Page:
The ever-accruing data generated like never before, in clinics, pathologies permits and encourages more applications of AI, ML and DL. Similarly in pharmaceutical industries, a huge amount of data is generated from each and every step involved in drug discovery and development ranging from lead identification to post-marketing surveillance. High-speed Internet connectivity, lightning fast-parallel processing computing unit (that is graphics processing units-GPUs), collaborations with cross-functional teams (like AI, tech, pharma and medical) and decentralizsed data access (unlike data silos) through federated machine learning (still widespread application is limited) are among the major catalysts behind widespread and faster acceptability of AI across the domains. These applications have changed and will continue to evolve the way both doctors and data scientists approach clinical problem-solving.
A sizable number of AI companies are developing and deploying their patented-inhouse developed tools like AI platforms and algorithms. These proprietary products are laced with such powerful functionalities (to assist, guide, empower and complement experts belonging to various health or medical fields) as drug discovery, insights in clinical trial studies, diagnosis through medical imaging. Interestingly few companies showed openness to collaborate with pharma majors (like Novartis, Pfizer, GSK, Roche, AstraZeneca and others) or health majors and few are using their proprietary products for generating insights for their own team, engaged in drug discovery, medical imaging and clinical trials.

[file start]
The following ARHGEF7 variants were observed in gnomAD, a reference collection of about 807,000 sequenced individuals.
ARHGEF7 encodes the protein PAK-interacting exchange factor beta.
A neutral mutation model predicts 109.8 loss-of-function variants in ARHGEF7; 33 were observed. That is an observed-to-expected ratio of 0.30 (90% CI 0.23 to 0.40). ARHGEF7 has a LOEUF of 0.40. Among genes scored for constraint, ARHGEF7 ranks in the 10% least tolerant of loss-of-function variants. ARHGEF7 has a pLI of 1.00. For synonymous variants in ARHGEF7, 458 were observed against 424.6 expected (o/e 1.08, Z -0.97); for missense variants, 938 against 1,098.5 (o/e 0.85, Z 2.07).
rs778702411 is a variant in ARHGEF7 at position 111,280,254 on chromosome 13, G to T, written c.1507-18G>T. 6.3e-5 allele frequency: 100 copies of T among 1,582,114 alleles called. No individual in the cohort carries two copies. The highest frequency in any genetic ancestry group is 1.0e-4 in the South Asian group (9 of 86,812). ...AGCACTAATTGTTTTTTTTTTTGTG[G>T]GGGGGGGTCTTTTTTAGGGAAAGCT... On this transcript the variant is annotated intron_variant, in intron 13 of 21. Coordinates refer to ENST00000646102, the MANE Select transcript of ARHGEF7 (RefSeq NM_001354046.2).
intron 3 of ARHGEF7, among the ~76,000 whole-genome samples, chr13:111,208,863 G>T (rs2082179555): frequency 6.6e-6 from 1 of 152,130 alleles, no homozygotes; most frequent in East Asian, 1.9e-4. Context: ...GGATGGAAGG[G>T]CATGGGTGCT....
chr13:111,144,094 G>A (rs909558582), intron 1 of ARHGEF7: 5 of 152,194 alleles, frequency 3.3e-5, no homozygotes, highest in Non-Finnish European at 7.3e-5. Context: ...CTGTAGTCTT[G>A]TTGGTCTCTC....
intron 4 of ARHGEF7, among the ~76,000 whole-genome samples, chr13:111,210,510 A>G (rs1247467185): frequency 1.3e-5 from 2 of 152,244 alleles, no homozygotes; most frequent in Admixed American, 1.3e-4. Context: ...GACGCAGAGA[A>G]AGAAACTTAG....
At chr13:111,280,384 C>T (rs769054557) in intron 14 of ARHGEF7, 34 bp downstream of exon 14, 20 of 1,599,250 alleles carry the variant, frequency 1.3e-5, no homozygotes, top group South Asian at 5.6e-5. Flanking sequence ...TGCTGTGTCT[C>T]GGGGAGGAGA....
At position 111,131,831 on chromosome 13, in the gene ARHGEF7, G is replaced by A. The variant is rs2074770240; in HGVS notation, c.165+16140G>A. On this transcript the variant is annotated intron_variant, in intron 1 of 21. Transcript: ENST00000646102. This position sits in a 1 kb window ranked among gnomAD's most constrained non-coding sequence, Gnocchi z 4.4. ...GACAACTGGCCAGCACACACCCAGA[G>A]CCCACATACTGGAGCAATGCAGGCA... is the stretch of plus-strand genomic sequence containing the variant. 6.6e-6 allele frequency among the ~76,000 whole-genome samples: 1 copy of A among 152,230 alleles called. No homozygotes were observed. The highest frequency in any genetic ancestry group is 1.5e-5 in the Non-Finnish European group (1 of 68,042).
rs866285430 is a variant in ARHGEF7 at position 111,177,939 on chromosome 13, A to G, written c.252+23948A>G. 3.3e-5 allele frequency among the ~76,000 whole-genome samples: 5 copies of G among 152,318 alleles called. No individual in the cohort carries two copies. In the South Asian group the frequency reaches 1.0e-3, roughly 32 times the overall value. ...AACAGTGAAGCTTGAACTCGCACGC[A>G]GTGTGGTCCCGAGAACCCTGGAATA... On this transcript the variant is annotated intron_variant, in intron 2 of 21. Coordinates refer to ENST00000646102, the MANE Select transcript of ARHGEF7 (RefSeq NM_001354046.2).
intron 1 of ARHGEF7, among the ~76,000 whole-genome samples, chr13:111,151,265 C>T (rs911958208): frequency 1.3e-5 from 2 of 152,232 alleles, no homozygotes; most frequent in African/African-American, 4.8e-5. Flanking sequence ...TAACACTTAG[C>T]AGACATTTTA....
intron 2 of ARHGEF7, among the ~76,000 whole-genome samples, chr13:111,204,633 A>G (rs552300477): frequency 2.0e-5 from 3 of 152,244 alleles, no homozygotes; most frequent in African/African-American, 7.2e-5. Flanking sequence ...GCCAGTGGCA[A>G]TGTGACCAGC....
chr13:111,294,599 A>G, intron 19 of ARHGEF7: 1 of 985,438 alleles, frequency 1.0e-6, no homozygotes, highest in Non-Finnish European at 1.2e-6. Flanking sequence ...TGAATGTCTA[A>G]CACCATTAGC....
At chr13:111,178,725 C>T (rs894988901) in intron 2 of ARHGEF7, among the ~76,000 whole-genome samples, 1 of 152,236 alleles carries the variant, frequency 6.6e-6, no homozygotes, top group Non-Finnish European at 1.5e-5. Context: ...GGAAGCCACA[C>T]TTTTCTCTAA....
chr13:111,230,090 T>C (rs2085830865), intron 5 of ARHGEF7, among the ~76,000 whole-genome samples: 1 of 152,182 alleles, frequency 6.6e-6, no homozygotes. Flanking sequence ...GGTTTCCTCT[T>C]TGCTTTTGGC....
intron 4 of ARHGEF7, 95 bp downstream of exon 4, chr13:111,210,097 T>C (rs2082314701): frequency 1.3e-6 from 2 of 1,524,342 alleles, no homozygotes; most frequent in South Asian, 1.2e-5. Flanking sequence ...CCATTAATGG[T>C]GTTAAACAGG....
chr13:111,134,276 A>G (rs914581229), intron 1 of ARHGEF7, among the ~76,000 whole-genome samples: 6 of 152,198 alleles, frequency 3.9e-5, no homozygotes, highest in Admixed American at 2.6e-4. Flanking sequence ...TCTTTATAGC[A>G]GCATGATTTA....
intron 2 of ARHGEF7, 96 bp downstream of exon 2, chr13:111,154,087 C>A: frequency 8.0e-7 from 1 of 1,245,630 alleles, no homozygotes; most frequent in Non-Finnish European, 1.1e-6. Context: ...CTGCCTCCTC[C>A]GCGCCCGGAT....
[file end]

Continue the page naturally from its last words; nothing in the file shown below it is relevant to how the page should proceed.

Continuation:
Biopharmaceutical companies continue to make significant investments in AI and ML to both improve their decision making across R&D and commercialisation, and to deliver better outcomes for patients, physicians, and payers. Pharmaceutical industries are not an exception and though late or through some tie-ups, various organisations are hugging AI tools in various stages of drug discovery like lead identification, target study, clinical trials. Two major routes are being used by drug discovery scientists for AI-driven or mediated drug discovery: de novo drug design and drug repurposing.
Two major organisations which deserve a special mention here are Exscientia and Insilico Medicine. These are creating headlines the world over by leveraging AI in the drug discovery process (in target selection, ligand selection and Insilico Medicine in a clinical trial as well) through their in-house developed patented AI technologies. It is inevitable to study AI in drug discovery and not to discuss these two big, as these two are beacons not only for AI companies engaged in drug discovery but also for pharma giants. Their frequency of announcing breakthroughs is matchless. In two separate developments in January 2022, Insilico Medicine and Exscientia announced strategic alliances with Fosun Pharma and Sanofi respectively.
Yes, AI-driven drug discovery has a promising future but like other innovations or disruptive innovations, it has also some limitations or hiccups as the technology has gone far ahead in other fields but in the case of drug discovery it is pretty new and has to taste success through clinical trial routes and even after that also.